Lemma 1. For , let Then, for , that is, is the dual map of .

Now we can only prove the linear map is continuous from to . Since is not continuous from to (even not a proper operator in ), we could not obtain a dual map from to by duality. By using Itô’s regularization theorem, we construct a unique -valued random variable such that which extends the map in view of (5).

Theorem 2. Let be the image measure of induced by the map T. Then, for any , the distribution of under is the same as under . In particular, is a fractional Brownian motion with Hurst constant . Moreover, where is the standard Brownian motion. (See proof in [20].)

Let and be the filtrations generated by and , respectively. Then, in view of (8), we have(1), for all ;(2)for any , a.s. , where . So, the filtrated probability space is the extension of . Thus the stochastic analysis with respect to measure could be reduced to the standard white noise framework naturally. Therefore, we choose the standard white noise measure as the reference measure rather than , and this treatment is more useful and more convenient for applications. For more details, we refer to [20] and the reference therein.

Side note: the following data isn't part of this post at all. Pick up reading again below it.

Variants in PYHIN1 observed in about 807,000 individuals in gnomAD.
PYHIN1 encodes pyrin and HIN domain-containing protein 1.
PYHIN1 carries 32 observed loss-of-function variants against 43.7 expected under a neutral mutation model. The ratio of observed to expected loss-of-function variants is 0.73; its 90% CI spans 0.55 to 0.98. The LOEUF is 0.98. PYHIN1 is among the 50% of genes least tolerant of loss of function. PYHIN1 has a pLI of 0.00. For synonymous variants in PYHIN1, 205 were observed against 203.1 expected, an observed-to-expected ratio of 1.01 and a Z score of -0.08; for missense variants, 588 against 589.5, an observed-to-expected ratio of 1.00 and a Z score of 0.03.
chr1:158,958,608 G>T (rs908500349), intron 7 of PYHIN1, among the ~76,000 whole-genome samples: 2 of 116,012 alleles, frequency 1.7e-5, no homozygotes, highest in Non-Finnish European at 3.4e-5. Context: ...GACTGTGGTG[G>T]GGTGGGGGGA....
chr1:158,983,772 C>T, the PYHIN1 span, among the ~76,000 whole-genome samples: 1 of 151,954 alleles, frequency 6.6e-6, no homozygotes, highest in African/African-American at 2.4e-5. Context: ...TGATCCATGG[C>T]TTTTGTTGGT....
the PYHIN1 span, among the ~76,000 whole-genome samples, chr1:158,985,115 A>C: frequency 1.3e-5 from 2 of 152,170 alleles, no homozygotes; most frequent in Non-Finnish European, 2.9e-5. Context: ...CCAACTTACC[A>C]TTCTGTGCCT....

2.2. Small Noise Limit

Now, we consider the SDE (2) in fractional white noise framework And to investigate the impact of noise on deterministic dynamical system which is solvable on any finite time interval . We have the following result.

Theorem 3. The solution of (2) converges in probability to the solution of (10) uniformly on any finite time interval .

Proof. Firstly, we rewrite the equation as Then, by assuming the Lipschitz condition on with Lipschitz constant , it follows from the Gronwall inequality that Hence, for any small enough , we have which completes the proof when . In the final step, we have used the self-similarity of the fractional Brownian motion

This theorem provides an estimate for the deviation of random solution orbits from the corresponding deterministic orbits. Note that the expectation in the above theorem corresponds to the fractional white noise measure. And, henceforth, we take all expectations with respect to the fractional white noise measure (i.e., for simplicity, we omit the subscript mentioned above).

3. Probability Density Evolution

For SDE, such as (2), the probability density function of the solution carries significant dynamical information. This is considered here by examining a fractional Fokker-Planck type equation. The key step in the derivation of this Fokker-Planck type equation is the application of Ito’s formula for SDEs driven by fractional Brownian motion, under fractional white noise analysis framework [1, 10, 16, 20, 21]. We sketch the derivation here.